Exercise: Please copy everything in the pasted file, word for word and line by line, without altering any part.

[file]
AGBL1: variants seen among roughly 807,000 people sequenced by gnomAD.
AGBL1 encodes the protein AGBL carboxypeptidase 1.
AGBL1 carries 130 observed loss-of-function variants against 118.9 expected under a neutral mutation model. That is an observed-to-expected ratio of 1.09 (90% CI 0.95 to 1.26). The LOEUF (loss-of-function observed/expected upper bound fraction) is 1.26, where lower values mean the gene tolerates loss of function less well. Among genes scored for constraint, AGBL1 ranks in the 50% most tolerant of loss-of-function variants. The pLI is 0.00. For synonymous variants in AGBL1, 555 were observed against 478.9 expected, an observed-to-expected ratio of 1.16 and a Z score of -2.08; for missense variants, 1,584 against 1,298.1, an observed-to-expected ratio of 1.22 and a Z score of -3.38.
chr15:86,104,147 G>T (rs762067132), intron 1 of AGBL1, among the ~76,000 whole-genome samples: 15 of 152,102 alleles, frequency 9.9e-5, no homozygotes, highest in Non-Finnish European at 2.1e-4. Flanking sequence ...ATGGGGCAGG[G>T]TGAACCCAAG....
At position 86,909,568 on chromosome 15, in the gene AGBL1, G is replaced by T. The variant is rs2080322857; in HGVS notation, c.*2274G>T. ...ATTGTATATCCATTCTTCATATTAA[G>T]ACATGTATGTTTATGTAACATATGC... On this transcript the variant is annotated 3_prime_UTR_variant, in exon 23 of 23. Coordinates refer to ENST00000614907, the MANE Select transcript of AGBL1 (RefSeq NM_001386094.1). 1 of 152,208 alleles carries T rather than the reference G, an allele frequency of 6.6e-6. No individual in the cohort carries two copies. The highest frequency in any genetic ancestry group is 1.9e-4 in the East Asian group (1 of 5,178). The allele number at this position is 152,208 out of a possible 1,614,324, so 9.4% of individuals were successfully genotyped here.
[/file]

AGBL1: variants seen among roughly 807,000 people sequenced by gnomAD.
AGBL1 encodes the protein AGBL carboxypeptidase 1.
AGBL1 carries 130 observed loss-of-function variants against 118.9 expected under a neutral mutation model. That is an observed-to-expected ratio of 1.09 (90% CI 0.95 to 1.26). The LOEUF (loss-of-function observed/expected upper bound fraction) is 1.26, where lower values mean the gene tolerates loss of function less well. Among genes scored for constraint, AGBL1 ranks in the 50% most tolerant of loss-of-function variants. The pLI is 0.00. For synonymous variants in AGBL1, 555 were observed against 478.9 expected, an observed-to-expected ratio of 1.16 and a Z score of -2.08; for missense variants, 1,584 against 1,298.1, an observed-to-expected ratio of 1.22 and a Z score of -3.38.
chr15:86,104,147 G>T (rs762067132), intron 1 of AGBL1, among the ~76,000 whole-genome samples: 15 of 152,102 alleles, frequency 9.9e-5, no homozygotes, highest in Non-Finnish European at 2.1e-4. Flanking sequence ...ATGGGGCAGG[G>T]TGAACCCAAG....
At position 86,909,568 on chromosome 15, in the gene AGBL1, G is replaced by T. The variant is rs2080322857; in HGVS notation, c.*2274G>T. ...ATTGTATATCCATTCTTCATATTAA[G>T]ACATGTATGTTTATGTAACATATGC... On this transcript the variant is annotated 3_prime_UTR_variant, in exon 23 of 23. Coordinates refer to ENST00000614907, the MANE Select transcript of AGBL1 (RefSeq NM_001386094.1). 1 of 152,208 alleles carries T rather than the reference G, an allele frequency of 6.6e-6. No individual in the cohort carries two copies. The highest frequency in any genetic ancestry group is 1.9e-4 in the East Asian group (1 of 5,178). The allele number at this position is 152,208 out of a possible 1,614,324, so 9.4% of individuals were successfully genotyped here.